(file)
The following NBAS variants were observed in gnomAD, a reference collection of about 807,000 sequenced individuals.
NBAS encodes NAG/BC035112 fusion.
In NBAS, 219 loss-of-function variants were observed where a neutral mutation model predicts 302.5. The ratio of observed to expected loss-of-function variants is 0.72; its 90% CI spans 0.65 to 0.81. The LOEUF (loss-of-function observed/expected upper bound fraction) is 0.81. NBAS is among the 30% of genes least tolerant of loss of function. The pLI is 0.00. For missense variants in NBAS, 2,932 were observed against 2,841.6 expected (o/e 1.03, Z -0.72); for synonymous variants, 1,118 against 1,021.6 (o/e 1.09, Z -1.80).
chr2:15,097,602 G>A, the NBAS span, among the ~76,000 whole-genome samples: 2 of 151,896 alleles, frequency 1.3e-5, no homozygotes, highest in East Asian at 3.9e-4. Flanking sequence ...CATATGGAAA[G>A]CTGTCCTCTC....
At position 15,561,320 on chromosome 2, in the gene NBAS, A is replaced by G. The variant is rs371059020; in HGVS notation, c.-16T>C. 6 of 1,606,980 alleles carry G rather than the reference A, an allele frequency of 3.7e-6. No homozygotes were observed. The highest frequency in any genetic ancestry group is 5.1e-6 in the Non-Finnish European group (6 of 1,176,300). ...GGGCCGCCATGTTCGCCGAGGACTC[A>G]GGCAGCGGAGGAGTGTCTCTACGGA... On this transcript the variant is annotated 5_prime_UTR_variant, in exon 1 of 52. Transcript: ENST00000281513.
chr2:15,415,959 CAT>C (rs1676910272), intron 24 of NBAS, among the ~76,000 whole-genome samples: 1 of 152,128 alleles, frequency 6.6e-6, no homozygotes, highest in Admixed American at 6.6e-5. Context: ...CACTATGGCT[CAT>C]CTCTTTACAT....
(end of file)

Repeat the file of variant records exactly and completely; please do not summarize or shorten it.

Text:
The following NBAS variants were observed in gnomAD, a reference collection of about 807,000 sequenced individuals.
NBAS encodes NAG/BC035112 fusion.
In NBAS, 219 loss-of-function variants were observed where a neutral mutation model predicts 302.5. The ratio of observed to expected loss-of-function variants is 0.72; its 90% CI spans 0.65 to 0.81. The LOEUF (loss-of-function observed/expected upper bound fraction) is 0.81. NBAS is among the 30% of genes least tolerant of loss of function. The pLI is 0.00. For missense variants in NBAS, 2,932 were observed against 2,841.6 expected (o/e 1.03, Z -0.72); for synonymous variants, 1,118 against 1,021.6 (o/e 1.09, Z -1.80).
chr2:15,097,602 G>A, the NBAS span, among the ~76,000 whole-genome samples: 2 of 151,896 alleles, frequency 1.3e-5, no homozygotes, highest in East Asian at 3.9e-4. Flanking sequence ...CATATGGAAA[G>A]CTGTCCTCTC....
At position 15,561,320 on chromosome 2, in the gene NBAS, A is replaced by G. The variant is rs371059020; in HGVS notation, c.-16T>C. 6 of 1,606,980 alleles carry G rather than the reference A, an allele frequency of 3.7e-6. No homozygotes were observed. The highest frequency in any genetic ancestry group is 5.1e-6 in the Non-Finnish European group (6 of 1,176,300). ...GGGCCGCCATGTTCGCCGAGGACTC[A>G]GGCAGCGGAGGAGTGTCTCTACGGA... On this transcript the variant is annotated 5_prime_UTR_variant, in exon 1 of 52. Transcript: ENST00000281513.
chr2:15,415,959 CAT>C (rs1676910272), intron 24 of NBAS, among the ~76,000 whole-genome samples: 1 of 152,128 alleles, frequency 6.6e-6, no homozygotes, highest in Admixed American at 6.6e-5. Context: ...CACTATGGCT[CAT>C]CTCTTTACAT....